“All I did was place ads,” Gautiller told me during our first interview, repeating the defense her lawyer argued throughout her lengthy trial. “The women who saw these ads would meet me, and they would ask about how much money they could make and what the clients were into,” she explained. “I would buy them a ticket, accompany one or two or three of them, and then they’d stay behind and work on their own.”
“It’s not like I contacted poor girls and forced them to come and work with me,” Gautiller insisted. “These are girls who are in this business anyway, and I gave them the opportunity to work with people who are much nicer than the Israelis. I also gave them an experience abroad, earning much more money in less time.” Instead of making 100 NIS in Israel per half-hour, she said, they could make 160 euros—nearly nine times as much. “For them, it was a win-win situation.”
The court thought differently, finding Gautiller guilty of soliciting women to work as prostitutes. According to the indictment, Gautiller would confiscate each woman’s passport when she arrived in Dublin, force her to have sex with clients, and prohibit her from leaving a rental apartment Byrne was paying for. During the trial, testimony from a woman named Ela, who worked for Gautiller, asserted this version of events. “I told her I have a massage certificate. I wanted to work only as a masseuse,” Ela explained. “Angelique looked at me and told me, ‘You’re cute. I want you to work for me. You will earn 160 euros for a massage and we’ll split half and half profits.’ ”
“When we got to Ireland she photographed me and asked me to meet clients,” Ela said. “Only when the clients came, she told me I must have sex with them. When I refused, Angelique told me I had no choice, and that I had to return the cost of the plane ticket. After she told me that, I agreed to have sex with a client for 160 euros.”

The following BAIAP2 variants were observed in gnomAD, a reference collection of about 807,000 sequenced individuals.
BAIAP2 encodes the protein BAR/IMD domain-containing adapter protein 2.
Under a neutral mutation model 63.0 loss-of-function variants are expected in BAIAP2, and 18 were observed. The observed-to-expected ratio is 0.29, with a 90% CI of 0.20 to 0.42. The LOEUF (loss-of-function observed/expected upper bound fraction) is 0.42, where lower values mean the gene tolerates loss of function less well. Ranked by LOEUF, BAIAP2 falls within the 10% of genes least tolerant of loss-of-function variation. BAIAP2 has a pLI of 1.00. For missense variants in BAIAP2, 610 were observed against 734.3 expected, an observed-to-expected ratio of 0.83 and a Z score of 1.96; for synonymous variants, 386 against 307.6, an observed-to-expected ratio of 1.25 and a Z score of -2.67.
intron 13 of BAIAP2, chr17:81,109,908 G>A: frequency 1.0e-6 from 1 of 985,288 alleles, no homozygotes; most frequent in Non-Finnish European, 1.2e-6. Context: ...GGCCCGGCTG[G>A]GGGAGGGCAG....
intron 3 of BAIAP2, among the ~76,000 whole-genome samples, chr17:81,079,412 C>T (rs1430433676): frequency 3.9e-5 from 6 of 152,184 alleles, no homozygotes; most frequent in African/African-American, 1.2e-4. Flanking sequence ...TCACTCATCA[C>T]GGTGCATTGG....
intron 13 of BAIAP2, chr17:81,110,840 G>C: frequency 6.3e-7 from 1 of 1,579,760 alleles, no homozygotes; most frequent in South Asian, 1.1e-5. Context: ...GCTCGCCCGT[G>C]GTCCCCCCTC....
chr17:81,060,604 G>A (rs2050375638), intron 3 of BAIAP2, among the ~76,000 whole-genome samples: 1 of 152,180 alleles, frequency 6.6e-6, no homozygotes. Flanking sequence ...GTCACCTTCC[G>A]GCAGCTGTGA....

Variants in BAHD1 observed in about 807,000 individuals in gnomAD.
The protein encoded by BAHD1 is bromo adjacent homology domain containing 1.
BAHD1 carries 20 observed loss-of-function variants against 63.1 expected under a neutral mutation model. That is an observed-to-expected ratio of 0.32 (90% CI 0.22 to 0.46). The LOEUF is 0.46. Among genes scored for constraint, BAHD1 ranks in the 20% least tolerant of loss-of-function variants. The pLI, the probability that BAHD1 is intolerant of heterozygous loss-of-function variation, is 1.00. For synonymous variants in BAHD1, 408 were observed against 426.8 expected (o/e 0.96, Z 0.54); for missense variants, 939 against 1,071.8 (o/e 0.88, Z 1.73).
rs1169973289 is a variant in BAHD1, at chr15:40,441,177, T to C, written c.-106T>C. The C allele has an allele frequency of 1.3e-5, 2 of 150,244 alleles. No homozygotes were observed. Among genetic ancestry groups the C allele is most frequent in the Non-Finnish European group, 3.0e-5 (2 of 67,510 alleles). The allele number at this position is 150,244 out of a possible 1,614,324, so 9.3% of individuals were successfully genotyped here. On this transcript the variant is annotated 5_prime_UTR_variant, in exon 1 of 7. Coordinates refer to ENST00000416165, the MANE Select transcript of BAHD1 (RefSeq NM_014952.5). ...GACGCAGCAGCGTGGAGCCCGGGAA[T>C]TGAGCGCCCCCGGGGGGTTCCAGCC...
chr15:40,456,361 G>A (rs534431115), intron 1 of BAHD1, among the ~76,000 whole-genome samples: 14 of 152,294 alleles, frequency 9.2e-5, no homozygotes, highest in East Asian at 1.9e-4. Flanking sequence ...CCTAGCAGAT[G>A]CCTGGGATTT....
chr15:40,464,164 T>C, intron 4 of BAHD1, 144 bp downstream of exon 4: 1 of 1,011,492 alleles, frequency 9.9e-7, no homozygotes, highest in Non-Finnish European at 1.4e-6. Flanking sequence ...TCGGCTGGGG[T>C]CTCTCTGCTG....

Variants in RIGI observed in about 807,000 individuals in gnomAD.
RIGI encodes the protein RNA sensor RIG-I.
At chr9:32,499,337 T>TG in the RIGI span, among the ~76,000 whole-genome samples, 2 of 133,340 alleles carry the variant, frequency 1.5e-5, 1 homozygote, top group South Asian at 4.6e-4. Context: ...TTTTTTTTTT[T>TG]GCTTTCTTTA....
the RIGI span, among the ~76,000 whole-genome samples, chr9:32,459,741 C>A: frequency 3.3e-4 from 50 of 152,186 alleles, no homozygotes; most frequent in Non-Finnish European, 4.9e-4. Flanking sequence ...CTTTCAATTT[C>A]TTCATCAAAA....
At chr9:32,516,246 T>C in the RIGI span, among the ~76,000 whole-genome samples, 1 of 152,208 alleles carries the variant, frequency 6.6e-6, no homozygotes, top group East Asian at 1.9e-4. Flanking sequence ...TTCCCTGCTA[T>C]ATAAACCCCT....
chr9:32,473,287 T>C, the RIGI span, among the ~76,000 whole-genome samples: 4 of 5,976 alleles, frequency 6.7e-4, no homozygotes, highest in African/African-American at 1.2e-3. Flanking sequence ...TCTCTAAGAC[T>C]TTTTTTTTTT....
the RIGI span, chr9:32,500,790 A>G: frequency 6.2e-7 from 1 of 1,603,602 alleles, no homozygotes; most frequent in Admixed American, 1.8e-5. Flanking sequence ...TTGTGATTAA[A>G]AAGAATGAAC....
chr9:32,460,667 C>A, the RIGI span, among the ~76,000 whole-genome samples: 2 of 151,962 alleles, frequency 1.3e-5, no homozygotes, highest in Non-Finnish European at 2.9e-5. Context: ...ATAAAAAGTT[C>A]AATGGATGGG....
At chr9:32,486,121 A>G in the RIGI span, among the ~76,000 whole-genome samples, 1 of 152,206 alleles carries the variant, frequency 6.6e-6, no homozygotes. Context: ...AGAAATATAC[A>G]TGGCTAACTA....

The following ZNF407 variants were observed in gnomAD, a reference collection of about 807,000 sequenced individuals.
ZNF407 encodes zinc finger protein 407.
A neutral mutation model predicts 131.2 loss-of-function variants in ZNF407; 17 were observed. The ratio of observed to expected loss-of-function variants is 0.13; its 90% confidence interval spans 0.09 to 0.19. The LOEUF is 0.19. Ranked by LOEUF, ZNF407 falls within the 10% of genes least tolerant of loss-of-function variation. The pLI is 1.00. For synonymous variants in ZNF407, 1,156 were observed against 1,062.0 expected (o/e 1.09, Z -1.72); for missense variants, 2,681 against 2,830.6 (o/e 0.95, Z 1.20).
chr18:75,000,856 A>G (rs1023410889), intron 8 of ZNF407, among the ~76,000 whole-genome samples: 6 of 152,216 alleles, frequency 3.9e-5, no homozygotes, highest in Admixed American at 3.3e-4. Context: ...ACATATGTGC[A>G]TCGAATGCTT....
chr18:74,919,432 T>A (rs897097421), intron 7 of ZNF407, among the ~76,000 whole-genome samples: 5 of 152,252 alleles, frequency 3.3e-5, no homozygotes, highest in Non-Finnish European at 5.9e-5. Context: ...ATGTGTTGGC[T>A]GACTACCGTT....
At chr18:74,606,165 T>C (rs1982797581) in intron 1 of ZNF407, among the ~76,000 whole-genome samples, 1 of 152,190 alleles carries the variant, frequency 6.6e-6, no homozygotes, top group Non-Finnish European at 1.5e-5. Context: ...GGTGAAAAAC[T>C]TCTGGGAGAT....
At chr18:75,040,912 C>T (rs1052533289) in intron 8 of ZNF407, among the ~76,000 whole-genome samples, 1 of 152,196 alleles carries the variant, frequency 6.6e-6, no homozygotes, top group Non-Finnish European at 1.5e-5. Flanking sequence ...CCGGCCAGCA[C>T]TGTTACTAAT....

“During the period when I was in Ireland I had sex with four men,” Ela told the court. “All the money I earned was given to Angelique.”
One of the women testified that after an argument with Gautiller in which she had asked to return to Israel, Gautiller threatened to pay men to beat her to death and told her she wouldn’t leave Ireland alive. Convinced, the court convicted Gautiller, sentencing her to 30 months in prison. Gautiller’s actual prison term will last only 20 months—good behavior was cited—and she’s expected to be released next month.
But Gautiller’s incarceration hasn’t deterred some of her former workers (while being a pimp is illegal in Israel, being a prostitute is not), or prevented them from seeking new employment opportunities abroad. Marina, an attractive young woman from Tel Aviv who worked with Gautiller in Ireland, testified at the trial that Gautiller gave her the chance to earn unimaginable sums of money. After graduating high school with honors and serving in the Israel Defense Forces, she began studying economics in university and was looking for a way to make money. “When I started working in Israel I was looking for a sponsor,” Marina told me, a wealthy man “who is willing to spend 15 or 20 thousand shekels each month for the pleasure.”
Marina told me she went from earning 700 NIS a month from the army to 2,000 or 3,000 NIS for a few hours’ work. A year and a half later, she met Gautiller. “She asked if I knew the work, and offered to sponsor my flight. I agreed to go,” she explained. “Suddenly I had the chance to make 15,000 euros in two weeks. Also, and I know this may sound weird, but I really liked traveling, as well as working with my clients.” No longer working for Gautiller, Marina has added new countries to her travel route.
“Until I came along, there were hardly any Israeli girls who traveled abroad to work as prostitutes,” Gautiller told me just before her prison sentence began. “After my story became famous, more and more women suddenly realized that if they had to work at this shitty profession, they should at least earn good money.” She speculated that the business plan she capitalized on would only grow in popularity once the new anti-prostitution legislation passed. “I promise you that in the coming years you’ll hear that prostitution in Israel is in decline, but the prostitutes will not disappear or become rehabilitated,” she said. “They’ll just move to places where they are properly rewarded, like Ireland or England, Croatia or Japan or the United States, countries where it is much more lucrative to be a prostitute than it is in Israel.”